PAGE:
Sunday - Group training from 9am (three groups Puppy/Social, Novice & Open)Tuesday - Group training (Spring) from 6:30pm Novice (Intermediate) & Open (Advanced) commencing April.Thursday - Place Board Training from 7pm any age or standard of dog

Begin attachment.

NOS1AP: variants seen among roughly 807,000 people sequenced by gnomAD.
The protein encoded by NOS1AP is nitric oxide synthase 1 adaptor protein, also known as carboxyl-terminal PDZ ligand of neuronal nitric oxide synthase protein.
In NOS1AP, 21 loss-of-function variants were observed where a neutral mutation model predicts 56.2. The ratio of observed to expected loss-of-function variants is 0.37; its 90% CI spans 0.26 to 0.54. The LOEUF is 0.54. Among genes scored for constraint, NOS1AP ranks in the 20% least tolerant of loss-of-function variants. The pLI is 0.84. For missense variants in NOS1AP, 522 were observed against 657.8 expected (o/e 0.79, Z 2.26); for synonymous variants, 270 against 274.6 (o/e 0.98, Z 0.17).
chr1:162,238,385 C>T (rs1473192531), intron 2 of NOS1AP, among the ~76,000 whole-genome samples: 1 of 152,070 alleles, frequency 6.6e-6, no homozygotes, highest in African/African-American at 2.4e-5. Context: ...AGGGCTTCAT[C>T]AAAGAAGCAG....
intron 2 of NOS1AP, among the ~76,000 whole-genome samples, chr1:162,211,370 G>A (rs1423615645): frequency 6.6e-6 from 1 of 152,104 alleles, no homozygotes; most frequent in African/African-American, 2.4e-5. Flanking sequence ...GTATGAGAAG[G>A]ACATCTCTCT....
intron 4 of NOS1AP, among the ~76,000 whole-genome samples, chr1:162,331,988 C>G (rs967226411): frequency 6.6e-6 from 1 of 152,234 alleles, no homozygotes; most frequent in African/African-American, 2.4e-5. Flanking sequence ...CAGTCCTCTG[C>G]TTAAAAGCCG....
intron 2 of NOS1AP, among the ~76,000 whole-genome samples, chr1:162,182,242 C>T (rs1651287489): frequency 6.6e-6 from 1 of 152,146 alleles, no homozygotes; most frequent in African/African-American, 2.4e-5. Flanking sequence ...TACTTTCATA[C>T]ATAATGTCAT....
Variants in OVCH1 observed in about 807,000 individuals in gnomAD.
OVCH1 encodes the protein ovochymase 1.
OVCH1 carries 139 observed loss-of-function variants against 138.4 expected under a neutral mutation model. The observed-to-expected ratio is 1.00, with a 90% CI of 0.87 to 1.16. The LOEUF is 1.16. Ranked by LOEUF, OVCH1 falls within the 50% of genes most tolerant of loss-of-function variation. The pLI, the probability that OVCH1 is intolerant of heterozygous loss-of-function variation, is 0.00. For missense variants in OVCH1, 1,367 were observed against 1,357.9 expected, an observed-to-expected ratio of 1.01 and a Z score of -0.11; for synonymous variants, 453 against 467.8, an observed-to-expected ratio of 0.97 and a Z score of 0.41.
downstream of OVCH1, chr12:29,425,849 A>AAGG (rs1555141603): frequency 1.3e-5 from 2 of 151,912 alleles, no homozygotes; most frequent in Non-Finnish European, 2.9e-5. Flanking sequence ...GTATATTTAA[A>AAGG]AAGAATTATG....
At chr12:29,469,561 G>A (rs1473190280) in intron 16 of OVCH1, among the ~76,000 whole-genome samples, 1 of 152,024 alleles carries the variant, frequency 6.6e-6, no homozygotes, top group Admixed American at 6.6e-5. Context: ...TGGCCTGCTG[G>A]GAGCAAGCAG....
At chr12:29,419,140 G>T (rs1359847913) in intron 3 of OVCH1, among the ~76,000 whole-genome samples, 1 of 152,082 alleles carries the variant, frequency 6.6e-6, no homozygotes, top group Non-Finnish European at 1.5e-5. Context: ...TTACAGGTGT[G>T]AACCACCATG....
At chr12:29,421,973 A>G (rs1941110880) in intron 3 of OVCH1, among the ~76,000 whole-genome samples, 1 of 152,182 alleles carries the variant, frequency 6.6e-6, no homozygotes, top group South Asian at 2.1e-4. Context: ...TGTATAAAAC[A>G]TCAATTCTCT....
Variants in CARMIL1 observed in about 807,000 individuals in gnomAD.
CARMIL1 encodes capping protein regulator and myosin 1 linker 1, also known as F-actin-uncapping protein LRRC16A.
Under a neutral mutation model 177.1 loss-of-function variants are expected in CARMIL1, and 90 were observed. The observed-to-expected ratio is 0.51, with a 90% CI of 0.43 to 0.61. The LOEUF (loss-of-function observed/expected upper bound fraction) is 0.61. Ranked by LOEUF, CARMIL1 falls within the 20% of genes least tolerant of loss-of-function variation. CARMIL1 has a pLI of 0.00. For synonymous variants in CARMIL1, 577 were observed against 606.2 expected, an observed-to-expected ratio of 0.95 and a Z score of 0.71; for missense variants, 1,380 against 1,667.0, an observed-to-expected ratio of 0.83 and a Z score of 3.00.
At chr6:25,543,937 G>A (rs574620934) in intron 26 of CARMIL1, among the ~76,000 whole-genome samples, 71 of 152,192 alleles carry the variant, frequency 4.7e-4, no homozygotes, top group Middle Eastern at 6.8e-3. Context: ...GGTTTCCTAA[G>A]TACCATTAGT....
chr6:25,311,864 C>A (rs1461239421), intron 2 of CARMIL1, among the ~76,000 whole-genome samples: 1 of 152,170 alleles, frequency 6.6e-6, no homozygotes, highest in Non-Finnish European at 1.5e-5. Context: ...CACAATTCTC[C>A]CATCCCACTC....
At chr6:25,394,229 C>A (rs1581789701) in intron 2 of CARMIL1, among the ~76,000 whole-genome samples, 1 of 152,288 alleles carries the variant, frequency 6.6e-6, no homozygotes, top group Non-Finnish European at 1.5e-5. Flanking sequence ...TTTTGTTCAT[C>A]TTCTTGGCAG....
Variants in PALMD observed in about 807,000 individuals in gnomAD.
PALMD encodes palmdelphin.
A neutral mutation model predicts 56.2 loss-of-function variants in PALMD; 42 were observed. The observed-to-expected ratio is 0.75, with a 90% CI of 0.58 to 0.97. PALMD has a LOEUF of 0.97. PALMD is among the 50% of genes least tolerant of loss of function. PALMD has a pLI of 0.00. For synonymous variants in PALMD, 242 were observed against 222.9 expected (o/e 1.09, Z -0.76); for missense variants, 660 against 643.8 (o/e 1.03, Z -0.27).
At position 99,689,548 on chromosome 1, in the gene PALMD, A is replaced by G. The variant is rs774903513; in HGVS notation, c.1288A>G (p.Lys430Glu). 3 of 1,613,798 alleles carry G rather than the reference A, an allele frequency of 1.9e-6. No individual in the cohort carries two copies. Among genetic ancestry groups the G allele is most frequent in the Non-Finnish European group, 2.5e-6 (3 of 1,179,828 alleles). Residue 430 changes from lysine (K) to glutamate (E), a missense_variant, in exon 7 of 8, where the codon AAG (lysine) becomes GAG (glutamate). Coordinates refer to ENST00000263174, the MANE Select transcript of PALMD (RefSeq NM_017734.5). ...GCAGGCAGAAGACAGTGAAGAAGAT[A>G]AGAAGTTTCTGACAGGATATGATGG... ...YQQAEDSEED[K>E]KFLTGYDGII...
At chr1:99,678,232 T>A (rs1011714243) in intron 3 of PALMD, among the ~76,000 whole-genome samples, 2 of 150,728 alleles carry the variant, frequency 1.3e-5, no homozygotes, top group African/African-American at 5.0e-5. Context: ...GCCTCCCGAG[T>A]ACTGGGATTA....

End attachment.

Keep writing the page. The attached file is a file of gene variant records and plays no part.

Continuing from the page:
"Hi Nick - I would like to say thank you ever so much for the lessons we have been receiving just recently from you. The information has been invaluable and the new regime is working really well. Colin and Jack have now started taking Tess out together and have been going through the training stage by stage. But without you, I dont know what we would have done really? Her Recall, Stop whistle and general staying with us when out on our walks has improved 100%. The whole thing is now a pleasure once again. So much so that Colin is talking about another Springer in the New Year, especially now we know what to do from a much earlier age. Thank you again."Alison McTique - Tarlton Lancashire (ESS Bitch)